British painting of the 1940s and 1950s shows striking parallels with Guttuso and even examples of direct influence. Social concern is widely evident as in Derrick Greaves paintings of peasants in Sicily, Harry Baines lithographs of quarrymen (1953) and Josef Herman's miners, while examples of history painting, frequently suggest the inspiration of Guttuso, as in such individual works as Michael Ayrton The Captive Seven (1950), John Minton's Death of Nelson (1952), Peter de Francia's The Bombardment of Sakiet (1958) and African Prison (1959-60). Affinities, can be inferred, too, in later works such as the allegorical paintings that Derrick Greaves produced in the late 1960s that reflected his anger at the Vietnam War and the way it threatened both man and nature. In contrast to Guttuso's major propagandist works of this period such as Documentary on Vietnam (1965) and Newspaper-mural: May '68 (1968), Greaves's paintings are epic in scale but tender in execution. Greaves's The Ultimate Absurdity (1968-69) (Artist's Collection) presents a linear flower pierced by a knife that pins it down. The impact is enhanced by the use of just black and red. Flower (1968) (Sheffield City Art Gallery) pursues a similar theme but this time the flower is threatened by ugliness in the form of a collaged newspaper, which as in Guttuso's La Discussione, is indispensable to the paintings meaning, declaring 'America bombs in error another friendly village.' Even larger was a triptych entitled Salt and Pepper (c.1969) (destroyed): the left and right canvases each showed a hand holding a canister, flanking a central canvas of a landscape, a reference to the defoliants and napalm used by the American's to find and maim the Vietnamese.
As such examples demonstrate, Guttuso's international importance was not as a doctrinaire or prescriptive propagandist but as a beacon of integrity and independence. Guttuso's achievement was to suggest a way forward for painting and his success may be judged by the international friendships that he developed and the parallels that may be drawn between his works and that of leading painters in Italy, France and Britain. It may also be judged by the enemies that he attracted. The fact that official Communist artists in Paris did not embrace Guttuso indicates the threat that they may have felt to the hegemony of Paris from Guttuso and his Milanese friends. Conversely, in England the energy expended by Modernists in condemning Guttuso, shows how threatened they felt.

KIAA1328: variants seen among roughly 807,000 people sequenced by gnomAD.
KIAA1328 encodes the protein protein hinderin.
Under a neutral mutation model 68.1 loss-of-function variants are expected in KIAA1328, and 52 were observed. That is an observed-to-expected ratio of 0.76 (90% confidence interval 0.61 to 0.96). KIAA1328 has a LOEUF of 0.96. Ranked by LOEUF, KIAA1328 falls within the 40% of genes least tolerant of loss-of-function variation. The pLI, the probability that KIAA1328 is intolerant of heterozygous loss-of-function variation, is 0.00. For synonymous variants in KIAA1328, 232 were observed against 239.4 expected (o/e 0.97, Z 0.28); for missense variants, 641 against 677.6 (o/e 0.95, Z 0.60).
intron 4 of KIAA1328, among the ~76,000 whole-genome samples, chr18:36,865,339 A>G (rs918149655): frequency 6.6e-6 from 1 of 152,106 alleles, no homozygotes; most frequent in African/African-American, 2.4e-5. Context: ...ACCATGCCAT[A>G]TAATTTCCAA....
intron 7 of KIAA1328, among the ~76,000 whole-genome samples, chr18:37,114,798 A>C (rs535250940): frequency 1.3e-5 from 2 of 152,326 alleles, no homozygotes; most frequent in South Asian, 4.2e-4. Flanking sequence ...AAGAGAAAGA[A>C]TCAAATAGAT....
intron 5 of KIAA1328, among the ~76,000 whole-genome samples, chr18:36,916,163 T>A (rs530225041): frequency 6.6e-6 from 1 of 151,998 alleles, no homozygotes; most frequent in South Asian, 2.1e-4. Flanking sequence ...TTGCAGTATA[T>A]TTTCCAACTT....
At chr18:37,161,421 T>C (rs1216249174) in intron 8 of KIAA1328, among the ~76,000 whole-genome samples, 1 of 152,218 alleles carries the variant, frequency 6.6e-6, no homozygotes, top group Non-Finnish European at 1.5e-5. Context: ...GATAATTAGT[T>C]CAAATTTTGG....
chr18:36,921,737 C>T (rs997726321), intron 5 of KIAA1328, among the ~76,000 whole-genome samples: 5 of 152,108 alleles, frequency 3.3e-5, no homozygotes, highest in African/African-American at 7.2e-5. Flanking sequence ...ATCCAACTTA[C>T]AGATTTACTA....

Guttuso's international significance, then, lay in the lessons he gave about the possibilities of forging a European realism - a third way - that was distinct and independent from both America and the Soviet Union. Ultimately, Guttuso's work, as with that of de Francia in Britain and Picasso, Léger and Pignon in France, provides a rapprochement between aspects of formalism, such as lessons derived from Cubism, with the desire to make an accessible art that could address a broad audience and could be adapted to political ends. It is a testament to the importance of these ambitions, that Guttuso's example of the artist's freedom to cross boundaries remains as potent today as it did then.